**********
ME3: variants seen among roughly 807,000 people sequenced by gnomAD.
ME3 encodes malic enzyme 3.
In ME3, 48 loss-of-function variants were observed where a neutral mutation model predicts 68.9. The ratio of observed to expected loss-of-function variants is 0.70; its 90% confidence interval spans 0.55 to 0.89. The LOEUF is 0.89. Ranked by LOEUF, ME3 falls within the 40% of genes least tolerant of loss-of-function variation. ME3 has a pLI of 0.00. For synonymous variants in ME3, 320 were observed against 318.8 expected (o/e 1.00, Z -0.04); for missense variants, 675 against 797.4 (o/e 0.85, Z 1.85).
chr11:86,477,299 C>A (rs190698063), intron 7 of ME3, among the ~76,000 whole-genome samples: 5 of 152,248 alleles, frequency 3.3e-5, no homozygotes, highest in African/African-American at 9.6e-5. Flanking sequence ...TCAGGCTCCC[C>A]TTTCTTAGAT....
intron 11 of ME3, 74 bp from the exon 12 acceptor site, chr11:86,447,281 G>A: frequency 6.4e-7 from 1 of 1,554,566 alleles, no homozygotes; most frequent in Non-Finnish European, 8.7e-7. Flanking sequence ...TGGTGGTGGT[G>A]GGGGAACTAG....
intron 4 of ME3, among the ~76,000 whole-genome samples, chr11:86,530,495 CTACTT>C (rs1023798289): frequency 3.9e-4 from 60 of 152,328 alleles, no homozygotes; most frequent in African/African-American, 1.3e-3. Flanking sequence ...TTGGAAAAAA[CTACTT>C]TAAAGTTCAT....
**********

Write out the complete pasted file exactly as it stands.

ME3: variants seen among roughly 807,000 people sequenced by gnomAD.
ME3 encodes malic enzyme 3.
In ME3, 48 loss-of-function variants were observed where a neutral mutation model predicts 68.9. The ratio of observed to expected loss-of-function variants is 0.70; its 90% confidence interval spans 0.55 to 0.89. The LOEUF is 0.89. Ranked by LOEUF, ME3 falls within the 40% of genes least tolerant of loss-of-function variation. ME3 has a pLI of 0.00. For synonymous variants in ME3, 320 were observed against 318.8 expected (o/e 1.00, Z -0.04); for missense variants, 675 against 797.4 (o/e 0.85, Z 1.85).
chr11:86,477,299 C>A (rs190698063), intron 7 of ME3, among the ~76,000 whole-genome samples: 5 of 152,248 alleles, frequency 3.3e-5, no homozygotes, highest in African/African-American at 9.6e-5. Flanking sequence ...TCAGGCTCCC[C>A]TTTCTTAGAT....
intron 11 of ME3, 74 bp from the exon 12 acceptor site, chr11:86,447,281 G>A: frequency 6.4e-7 from 1 of 1,554,566 alleles, no homozygotes; most frequent in Non-Finnish European, 8.7e-7. Flanking sequence ...TGGTGGTGGT[G>A]GGGGAACTAG....
intron 4 of ME3, among the ~76,000 whole-genome samples, chr11:86,530,495 CTACTT>C (rs1023798289): frequency 3.9e-4 from 60 of 152,328 alleles, no homozygotes; most frequent in African/African-American, 1.3e-3. Flanking sequence ...TTGGAAAAAA[CTACTT>C]TAAAGTTCAT....